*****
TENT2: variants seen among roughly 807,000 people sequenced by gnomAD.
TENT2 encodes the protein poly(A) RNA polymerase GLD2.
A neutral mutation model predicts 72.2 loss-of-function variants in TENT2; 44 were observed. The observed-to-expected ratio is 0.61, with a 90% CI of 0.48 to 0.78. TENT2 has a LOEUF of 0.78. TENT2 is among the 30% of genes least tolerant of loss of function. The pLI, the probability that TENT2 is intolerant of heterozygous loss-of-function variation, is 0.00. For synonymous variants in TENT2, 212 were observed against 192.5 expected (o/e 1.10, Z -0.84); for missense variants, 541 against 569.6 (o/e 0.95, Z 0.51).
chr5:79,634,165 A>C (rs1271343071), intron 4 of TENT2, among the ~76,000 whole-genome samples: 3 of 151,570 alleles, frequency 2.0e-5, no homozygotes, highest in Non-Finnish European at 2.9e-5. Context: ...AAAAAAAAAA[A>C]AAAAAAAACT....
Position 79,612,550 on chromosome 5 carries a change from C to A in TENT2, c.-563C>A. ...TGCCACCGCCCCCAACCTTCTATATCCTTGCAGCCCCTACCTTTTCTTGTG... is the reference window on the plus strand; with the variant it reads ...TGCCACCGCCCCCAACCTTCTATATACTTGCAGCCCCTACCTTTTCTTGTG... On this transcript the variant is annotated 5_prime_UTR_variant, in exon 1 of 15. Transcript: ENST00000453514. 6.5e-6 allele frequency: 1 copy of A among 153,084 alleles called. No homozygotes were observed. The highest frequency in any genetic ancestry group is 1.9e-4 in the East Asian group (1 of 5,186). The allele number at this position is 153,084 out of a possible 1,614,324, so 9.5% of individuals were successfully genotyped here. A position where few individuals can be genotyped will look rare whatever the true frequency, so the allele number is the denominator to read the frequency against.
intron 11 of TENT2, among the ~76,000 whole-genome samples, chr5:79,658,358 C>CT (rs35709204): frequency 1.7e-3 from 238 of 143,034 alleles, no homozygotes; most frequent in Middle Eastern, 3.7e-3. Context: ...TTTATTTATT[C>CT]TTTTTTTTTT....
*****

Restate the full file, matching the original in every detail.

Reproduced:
TENT2: variants seen among roughly 807,000 people sequenced by gnomAD.
TENT2 encodes the protein poly(A) RNA polymerase GLD2.
A neutral mutation model predicts 72.2 loss-of-function variants in TENT2; 44 were observed. The observed-to-expected ratio is 0.61, with a 90% CI of 0.48 to 0.78. TENT2 has a LOEUF of 0.78. TENT2 is among the 30% of genes least tolerant of loss of function. The pLI, the probability that TENT2 is intolerant of heterozygous loss-of-function variation, is 0.00. For synonymous variants in TENT2, 212 were observed against 192.5 expected (o/e 1.10, Z -0.84); for missense variants, 541 against 569.6 (o/e 0.95, Z 0.51).
chr5:79,634,165 A>C (rs1271343071), intron 4 of TENT2, among the ~76,000 whole-genome samples: 3 of 151,570 alleles, frequency 2.0e-5, no homozygotes, highest in Non-Finnish European at 2.9e-5. Context: ...AAAAAAAAAA[A>C]AAAAAAAACT....
Position 79,612,550 on chromosome 5 carries a change from C to A in TENT2, c.-563C>A. ...TGCCACCGCCCCCAACCTTCTATATCCTTGCAGCCCCTACCTTTTCTTGTG... is the reference window on the plus strand; with the variant it reads ...TGCCACCGCCCCCAACCTTCTATATACTTGCAGCCCCTACCTTTTCTTGTG... On this transcript the variant is annotated 5_prime_UTR_variant, in exon 1 of 15. Transcript: ENST00000453514. 6.5e-6 allele frequency: 1 copy of A among 153,084 alleles called. No homozygotes were observed. The highest frequency in any genetic ancestry group is 1.9e-4 in the East Asian group (1 of 5,186). The allele number at this position is 153,084 out of a possible 1,614,324, so 9.5% of individuals were successfully genotyped here. A position where few individuals can be genotyped will look rare whatever the true frequency, so the allele number is the denominator to read the frequency against.
intron 11 of TENT2, among the ~76,000 whole-genome samples, chr5:79,658,358 C>CT (rs35709204): frequency 1.7e-3 from 238 of 143,034 alleles, no homozygotes; most frequent in Middle Eastern, 3.7e-3. Context: ...TTTATTTATT[C>CT]TTTTTTTTTT....